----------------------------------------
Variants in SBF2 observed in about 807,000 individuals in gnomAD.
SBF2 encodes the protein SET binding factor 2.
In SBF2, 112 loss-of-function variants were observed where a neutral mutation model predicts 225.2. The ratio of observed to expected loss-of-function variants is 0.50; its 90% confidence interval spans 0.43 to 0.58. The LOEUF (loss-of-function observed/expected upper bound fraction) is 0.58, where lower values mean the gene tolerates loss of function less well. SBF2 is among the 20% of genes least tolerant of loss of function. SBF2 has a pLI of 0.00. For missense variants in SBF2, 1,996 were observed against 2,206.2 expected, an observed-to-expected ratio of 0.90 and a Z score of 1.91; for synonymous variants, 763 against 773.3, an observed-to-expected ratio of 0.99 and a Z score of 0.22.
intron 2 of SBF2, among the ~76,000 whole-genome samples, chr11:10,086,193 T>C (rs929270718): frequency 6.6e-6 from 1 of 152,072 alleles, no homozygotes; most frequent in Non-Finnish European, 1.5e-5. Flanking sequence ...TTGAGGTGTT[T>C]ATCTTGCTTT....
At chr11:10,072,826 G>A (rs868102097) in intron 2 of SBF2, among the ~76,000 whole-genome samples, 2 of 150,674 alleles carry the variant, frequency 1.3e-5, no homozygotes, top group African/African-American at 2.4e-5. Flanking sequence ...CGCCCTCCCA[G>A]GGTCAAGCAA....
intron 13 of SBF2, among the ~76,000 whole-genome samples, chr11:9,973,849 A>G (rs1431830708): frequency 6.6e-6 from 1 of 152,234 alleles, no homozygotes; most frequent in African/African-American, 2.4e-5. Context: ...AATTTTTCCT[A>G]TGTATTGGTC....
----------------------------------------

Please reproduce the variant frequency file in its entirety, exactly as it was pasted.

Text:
Variants in SBF2 observed in about 807,000 individuals in gnomAD.
SBF2 encodes the protein SET binding factor 2.
In SBF2, 112 loss-of-function variants were observed where a neutral mutation model predicts 225.2. The ratio of observed to expected loss-of-function variants is 0.50; its 90% confidence interval spans 0.43 to 0.58. The LOEUF (loss-of-function observed/expected upper bound fraction) is 0.58, where lower values mean the gene tolerates loss of function less well. SBF2 is among the 20% of genes least tolerant of loss of function. SBF2 has a pLI of 0.00. For missense variants in SBF2, 1,996 were observed against 2,206.2 expected, an observed-to-expected ratio of 0.90 and a Z score of 1.91; for synonymous variants, 763 against 773.3, an observed-to-expected ratio of 0.99 and a Z score of 0.22.
intron 2 of SBF2, among the ~76,000 whole-genome samples, chr11:10,086,193 T>C (rs929270718): frequency 6.6e-6 from 1 of 152,072 alleles, no homozygotes; most frequent in Non-Finnish European, 1.5e-5. Flanking sequence ...TTGAGGTGTT[T>C]ATCTTGCTTT....
At chr11:10,072,826 G>A (rs868102097) in intron 2 of SBF2, among the ~76,000 whole-genome samples, 2 of 150,674 alleles carry the variant, frequency 1.3e-5, no homozygotes, top group African/African-American at 2.4e-5. Flanking sequence ...CGCCCTCCCA[G>A]GGTCAAGCAA....
intron 13 of SBF2, among the ~76,000 whole-genome samples, chr11:9,973,849 A>G (rs1431830708): frequency 6.6e-6 from 1 of 152,234 alleles, no homozygotes; most frequent in African/African-American, 2.4e-5. Context: ...AATTTTTCCT[A>G]TGTATTGGTC....